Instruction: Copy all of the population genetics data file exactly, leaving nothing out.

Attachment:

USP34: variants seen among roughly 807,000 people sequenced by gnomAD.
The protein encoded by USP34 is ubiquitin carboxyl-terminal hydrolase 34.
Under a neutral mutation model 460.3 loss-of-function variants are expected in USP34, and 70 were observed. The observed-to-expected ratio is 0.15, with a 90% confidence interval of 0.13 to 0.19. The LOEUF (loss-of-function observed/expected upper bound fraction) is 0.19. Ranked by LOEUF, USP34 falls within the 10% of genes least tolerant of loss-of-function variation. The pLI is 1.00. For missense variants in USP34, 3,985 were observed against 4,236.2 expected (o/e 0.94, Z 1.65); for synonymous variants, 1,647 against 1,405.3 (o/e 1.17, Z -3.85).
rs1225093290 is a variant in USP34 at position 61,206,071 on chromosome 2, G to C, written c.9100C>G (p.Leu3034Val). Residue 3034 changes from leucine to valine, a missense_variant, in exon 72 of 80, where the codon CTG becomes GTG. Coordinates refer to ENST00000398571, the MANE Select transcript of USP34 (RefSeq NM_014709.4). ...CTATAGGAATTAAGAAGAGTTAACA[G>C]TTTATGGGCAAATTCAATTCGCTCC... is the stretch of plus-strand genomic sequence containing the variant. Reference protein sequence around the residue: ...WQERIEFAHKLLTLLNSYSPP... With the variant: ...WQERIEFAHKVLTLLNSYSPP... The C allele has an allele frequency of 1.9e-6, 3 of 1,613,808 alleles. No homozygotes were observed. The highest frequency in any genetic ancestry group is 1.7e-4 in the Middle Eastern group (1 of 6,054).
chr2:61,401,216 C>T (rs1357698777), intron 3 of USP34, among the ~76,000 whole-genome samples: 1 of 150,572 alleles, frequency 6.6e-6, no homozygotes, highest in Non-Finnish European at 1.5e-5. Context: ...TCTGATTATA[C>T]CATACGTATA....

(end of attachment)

USP34: variants seen among roughly 807,000 people sequenced by gnomAD.
The protein encoded by USP34 is ubiquitin carboxyl-terminal hydrolase 34.
Under a neutral mutation model 460.3 loss-of-function variants are expected in USP34, and 70 were observed. The observed-to-expected ratio is 0.15, with a 90% confidence interval of 0.13 to 0.19. The LOEUF (loss-of-function observed/expected upper bound fraction) is 0.19. Ranked by LOEUF, USP34 falls within the 10% of genes least tolerant of loss-of-function variation. The pLI is 1.00. For missense variants in USP34, 3,985 were observed against 4,236.2 expected (o/e 0.94, Z 1.65); for synonymous variants, 1,647 against 1,405.3 (o/e 1.17, Z -3.85).
rs1225093290 is a variant in USP34 at position 61,206,071 on chromosome 2, G to C, written c.9100C>G (p.Leu3034Val). Residue 3034 changes from leucine to valine, a missense_variant, in exon 72 of 80, where the codon CTG becomes GTG. Coordinates refer to ENST00000398571, the MANE Select transcript of USP34 (RefSeq NM_014709.4). ...CTATAGGAATTAAGAAGAGTTAACA[G>C]TTTATGGGCAAATTCAATTCGCTCC... is the stretch of plus-strand genomic sequence containing the variant. Reference protein sequence around the residue: ...WQERIEFAHKLLTLLNSYSPP... With the variant: ...WQERIEFAHKVLTLLNSYSPP... The C allele has an allele frequency of 1.9e-6, 3 of 1,613,808 alleles. No homozygotes were observed. The highest frequency in any genetic ancestry group is 1.7e-4 in the Middle Eastern group (1 of 6,054).
chr2:61,401,216 C>T (rs1357698777), intron 3 of USP34, among the ~76,000 whole-genome samples: 1 of 150,572 alleles, frequency 6.6e-6, no homozygotes, highest in Non-Finnish European at 1.5e-5. Context: ...TCTGATTATA[C>T]CATACGTATA....